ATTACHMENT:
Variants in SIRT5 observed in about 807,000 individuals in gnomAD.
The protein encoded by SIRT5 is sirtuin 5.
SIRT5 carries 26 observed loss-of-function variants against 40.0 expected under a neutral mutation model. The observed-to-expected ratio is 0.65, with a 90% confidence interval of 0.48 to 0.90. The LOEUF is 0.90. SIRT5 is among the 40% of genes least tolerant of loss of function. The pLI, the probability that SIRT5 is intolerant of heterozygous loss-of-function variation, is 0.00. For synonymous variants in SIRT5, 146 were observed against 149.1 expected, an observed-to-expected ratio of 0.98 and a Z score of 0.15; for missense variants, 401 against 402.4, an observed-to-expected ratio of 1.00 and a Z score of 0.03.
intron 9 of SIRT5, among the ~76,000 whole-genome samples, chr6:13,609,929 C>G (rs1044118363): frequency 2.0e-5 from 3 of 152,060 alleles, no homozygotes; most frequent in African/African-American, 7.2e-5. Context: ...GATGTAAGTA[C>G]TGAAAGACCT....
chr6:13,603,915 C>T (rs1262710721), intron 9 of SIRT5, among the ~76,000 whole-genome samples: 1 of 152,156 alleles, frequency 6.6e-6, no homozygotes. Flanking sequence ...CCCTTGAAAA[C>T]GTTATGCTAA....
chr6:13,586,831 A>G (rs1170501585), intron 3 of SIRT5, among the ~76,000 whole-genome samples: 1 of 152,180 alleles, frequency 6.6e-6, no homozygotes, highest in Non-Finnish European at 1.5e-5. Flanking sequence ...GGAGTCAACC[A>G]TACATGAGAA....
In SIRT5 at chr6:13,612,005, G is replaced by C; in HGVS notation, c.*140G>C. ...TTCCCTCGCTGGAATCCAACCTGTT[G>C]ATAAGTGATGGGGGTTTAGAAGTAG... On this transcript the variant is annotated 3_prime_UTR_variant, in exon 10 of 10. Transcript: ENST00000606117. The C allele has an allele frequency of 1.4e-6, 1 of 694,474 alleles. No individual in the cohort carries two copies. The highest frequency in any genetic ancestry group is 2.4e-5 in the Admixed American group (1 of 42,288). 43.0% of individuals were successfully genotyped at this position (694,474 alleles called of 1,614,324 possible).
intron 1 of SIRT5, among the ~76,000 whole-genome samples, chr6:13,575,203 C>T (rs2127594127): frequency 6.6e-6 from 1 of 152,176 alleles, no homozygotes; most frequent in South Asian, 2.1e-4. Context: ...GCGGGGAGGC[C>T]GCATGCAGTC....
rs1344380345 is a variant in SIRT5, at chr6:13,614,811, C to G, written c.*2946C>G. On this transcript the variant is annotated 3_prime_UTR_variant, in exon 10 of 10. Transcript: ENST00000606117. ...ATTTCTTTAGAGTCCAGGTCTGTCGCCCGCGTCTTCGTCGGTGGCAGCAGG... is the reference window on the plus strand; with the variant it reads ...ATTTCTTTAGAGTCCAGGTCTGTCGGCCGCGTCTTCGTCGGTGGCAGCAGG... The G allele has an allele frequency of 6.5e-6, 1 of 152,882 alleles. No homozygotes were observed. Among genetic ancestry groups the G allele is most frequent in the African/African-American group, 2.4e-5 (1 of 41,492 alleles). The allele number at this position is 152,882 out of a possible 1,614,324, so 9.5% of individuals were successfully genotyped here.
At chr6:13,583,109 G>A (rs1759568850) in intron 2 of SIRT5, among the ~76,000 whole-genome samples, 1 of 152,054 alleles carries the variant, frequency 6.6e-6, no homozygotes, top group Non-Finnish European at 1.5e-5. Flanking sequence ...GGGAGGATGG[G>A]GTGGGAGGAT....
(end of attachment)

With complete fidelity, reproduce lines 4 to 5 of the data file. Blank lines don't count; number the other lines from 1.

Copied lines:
intron 9 of SIRT5, among the ~76,000 whole-genome samples, chr6:13,609,929 C>G (rs1044118363): frequency 2.0e-5 from 3 of 152,060 alleles, no homozygotes; most frequent in African/African-American, 7.2e-5. Context: ...GATGTAAGTA[C>G]TGAAAGACCT....
chr6:13,603,915 C>T (rs1262710721), intron 9 of SIRT5, among the ~76,000 whole-genome samples: 1 of 152,156 alleles, frequency 6.6e-6, no homozygotes. Flanking sequence ...CCCTTGAAAA[C>T]GTTATGCTAA....